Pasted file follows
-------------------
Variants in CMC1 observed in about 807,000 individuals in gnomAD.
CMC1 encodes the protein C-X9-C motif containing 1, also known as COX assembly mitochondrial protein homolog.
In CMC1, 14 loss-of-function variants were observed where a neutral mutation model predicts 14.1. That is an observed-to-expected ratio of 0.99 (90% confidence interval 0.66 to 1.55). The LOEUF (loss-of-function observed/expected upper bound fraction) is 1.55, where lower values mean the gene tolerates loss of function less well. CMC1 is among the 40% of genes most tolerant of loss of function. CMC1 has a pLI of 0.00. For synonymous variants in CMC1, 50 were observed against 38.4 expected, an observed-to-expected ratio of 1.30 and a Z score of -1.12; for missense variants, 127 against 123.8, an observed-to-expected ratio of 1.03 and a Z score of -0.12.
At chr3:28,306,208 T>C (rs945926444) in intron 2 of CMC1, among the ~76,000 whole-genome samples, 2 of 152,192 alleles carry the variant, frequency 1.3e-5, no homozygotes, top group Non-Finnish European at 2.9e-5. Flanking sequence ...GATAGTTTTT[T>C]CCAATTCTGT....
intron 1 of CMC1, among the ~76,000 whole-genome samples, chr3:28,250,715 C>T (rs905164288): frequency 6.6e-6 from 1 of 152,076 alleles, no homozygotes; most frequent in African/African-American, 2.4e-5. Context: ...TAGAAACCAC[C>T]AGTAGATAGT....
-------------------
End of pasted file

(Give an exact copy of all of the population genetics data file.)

Variants in CMC1 observed in about 807,000 individuals in gnomAD.
CMC1 encodes the protein C-X9-C motif containing 1, also known as COX assembly mitochondrial protein homolog.
In CMC1, 14 loss-of-function variants were observed where a neutral mutation model predicts 14.1. That is an observed-to-expected ratio of 0.99 (90% confidence interval 0.66 to 1.55). The LOEUF (loss-of-function observed/expected upper bound fraction) is 1.55, where lower values mean the gene tolerates loss of function less well. CMC1 is among the 40% of genes most tolerant of loss of function. CMC1 has a pLI of 0.00. For synonymous variants in CMC1, 50 were observed against 38.4 expected, an observed-to-expected ratio of 1.30 and a Z score of -1.12; for missense variants, 127 against 123.8, an observed-to-expected ratio of 1.03 and a Z score of -0.12.
At chr3:28,306,208 T>C (rs945926444) in intron 2 of CMC1, among the ~76,000 whole-genome samples, 2 of 152,192 alleles carry the variant, frequency 1.3e-5, no homozygotes, top group Non-Finnish European at 2.9e-5. Flanking sequence ...GATAGTTTTT[T>C]CCAATTCTGT....
intron 1 of CMC1, among the ~76,000 whole-genome samples, chr3:28,250,715 C>T (rs905164288): frequency 6.6e-6 from 1 of 152,076 alleles, no homozygotes; most frequent in African/African-American, 2.4e-5. Context: ...TAGAAACCAC[C>T]AGTAGATAGT....